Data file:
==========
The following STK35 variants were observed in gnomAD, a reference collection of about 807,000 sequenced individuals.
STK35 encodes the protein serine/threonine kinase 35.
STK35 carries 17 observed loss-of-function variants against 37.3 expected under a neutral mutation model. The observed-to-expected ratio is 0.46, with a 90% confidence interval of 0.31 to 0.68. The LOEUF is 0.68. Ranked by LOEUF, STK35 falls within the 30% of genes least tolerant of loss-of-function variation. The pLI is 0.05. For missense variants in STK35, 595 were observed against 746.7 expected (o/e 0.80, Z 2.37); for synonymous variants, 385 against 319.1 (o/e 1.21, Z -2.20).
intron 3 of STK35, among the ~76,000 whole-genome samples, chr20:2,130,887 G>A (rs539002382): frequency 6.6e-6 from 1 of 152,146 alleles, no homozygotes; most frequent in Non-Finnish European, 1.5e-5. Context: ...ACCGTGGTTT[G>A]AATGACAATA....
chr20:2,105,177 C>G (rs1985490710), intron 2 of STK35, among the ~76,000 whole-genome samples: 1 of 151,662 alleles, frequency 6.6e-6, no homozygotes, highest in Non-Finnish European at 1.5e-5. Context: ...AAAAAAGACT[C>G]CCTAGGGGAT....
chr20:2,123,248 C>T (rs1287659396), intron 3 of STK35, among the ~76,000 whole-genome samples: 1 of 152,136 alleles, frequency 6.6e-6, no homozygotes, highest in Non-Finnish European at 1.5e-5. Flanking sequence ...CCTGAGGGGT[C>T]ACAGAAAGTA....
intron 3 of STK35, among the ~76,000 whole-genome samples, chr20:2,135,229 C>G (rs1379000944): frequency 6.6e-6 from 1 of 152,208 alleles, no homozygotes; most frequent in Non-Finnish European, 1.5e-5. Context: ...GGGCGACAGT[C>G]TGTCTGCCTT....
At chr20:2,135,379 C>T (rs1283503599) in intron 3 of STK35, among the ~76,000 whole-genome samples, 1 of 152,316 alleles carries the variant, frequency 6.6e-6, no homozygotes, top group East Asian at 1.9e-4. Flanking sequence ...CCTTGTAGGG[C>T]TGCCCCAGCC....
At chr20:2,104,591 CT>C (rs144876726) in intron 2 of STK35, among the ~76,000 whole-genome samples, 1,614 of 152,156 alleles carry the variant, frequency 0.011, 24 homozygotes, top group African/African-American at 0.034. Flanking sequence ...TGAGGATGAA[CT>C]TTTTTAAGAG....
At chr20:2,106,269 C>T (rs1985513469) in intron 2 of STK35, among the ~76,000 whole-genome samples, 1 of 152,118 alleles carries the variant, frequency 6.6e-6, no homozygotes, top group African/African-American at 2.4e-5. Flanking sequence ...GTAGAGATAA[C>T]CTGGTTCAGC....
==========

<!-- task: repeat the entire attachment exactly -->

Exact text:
The following STK35 variants were observed in gnomAD, a reference collection of about 807,000 sequenced individuals.
STK35 encodes the protein serine/threonine kinase 35.
STK35 carries 17 observed loss-of-function variants against 37.3 expected under a neutral mutation model. The observed-to-expected ratio is 0.46, with a 90% confidence interval of 0.31 to 0.68. The LOEUF is 0.68. Ranked by LOEUF, STK35 falls within the 30% of genes least tolerant of loss-of-function variation. The pLI is 0.05. For missense variants in STK35, 595 were observed against 746.7 expected (o/e 0.80, Z 2.37); for synonymous variants, 385 against 319.1 (o/e 1.21, Z -2.20).
intron 3 of STK35, among the ~76,000 whole-genome samples, chr20:2,130,887 G>A (rs539002382): frequency 6.6e-6 from 1 of 152,146 alleles, no homozygotes; most frequent in Non-Finnish European, 1.5e-5. Context: ...ACCGTGGTTT[G>A]AATGACAATA....
chr20:2,105,177 C>G (rs1985490710), intron 2 of STK35, among the ~76,000 whole-genome samples: 1 of 151,662 alleles, frequency 6.6e-6, no homozygotes, highest in Non-Finnish European at 1.5e-5. Context: ...AAAAAAGACT[C>G]CCTAGGGGAT....
chr20:2,123,248 C>T (rs1287659396), intron 3 of STK35, among the ~76,000 whole-genome samples: 1 of 152,136 alleles, frequency 6.6e-6, no homozygotes, highest in Non-Finnish European at 1.5e-5. Flanking sequence ...CCTGAGGGGT[C>T]ACAGAAAGTA....
intron 3 of STK35, among the ~76,000 whole-genome samples, chr20:2,135,229 C>G (rs1379000944): frequency 6.6e-6 from 1 of 152,208 alleles, no homozygotes; most frequent in Non-Finnish European, 1.5e-5. Context: ...GGGCGACAGT[C>G]TGTCTGCCTT....
At chr20:2,135,379 C>T (rs1283503599) in intron 3 of STK35, among the ~76,000 whole-genome samples, 1 of 152,316 alleles carries the variant, frequency 6.6e-6, no homozygotes, top group East Asian at 1.9e-4. Flanking sequence ...CCTTGTAGGG[C>T]TGCCCCAGCC....
At chr20:2,104,591 CT>C (rs144876726) in intron 2 of STK35, among the ~76,000 whole-genome samples, 1,614 of 152,156 alleles carry the variant, frequency 0.011, 24 homozygotes, top group African/African-American at 0.034. Flanking sequence ...TGAGGATGAA[CT>C]TTTTTAAGAG....
At chr20:2,106,269 C>T (rs1985513469) in intron 2 of STK35, among the ~76,000 whole-genome samples, 1 of 152,118 alleles carries the variant, frequency 6.6e-6, no homozygotes, top group African/African-American at 2.4e-5. Flanking sequence ...GTAGAGATAA[C>T]CTGGTTCAGC....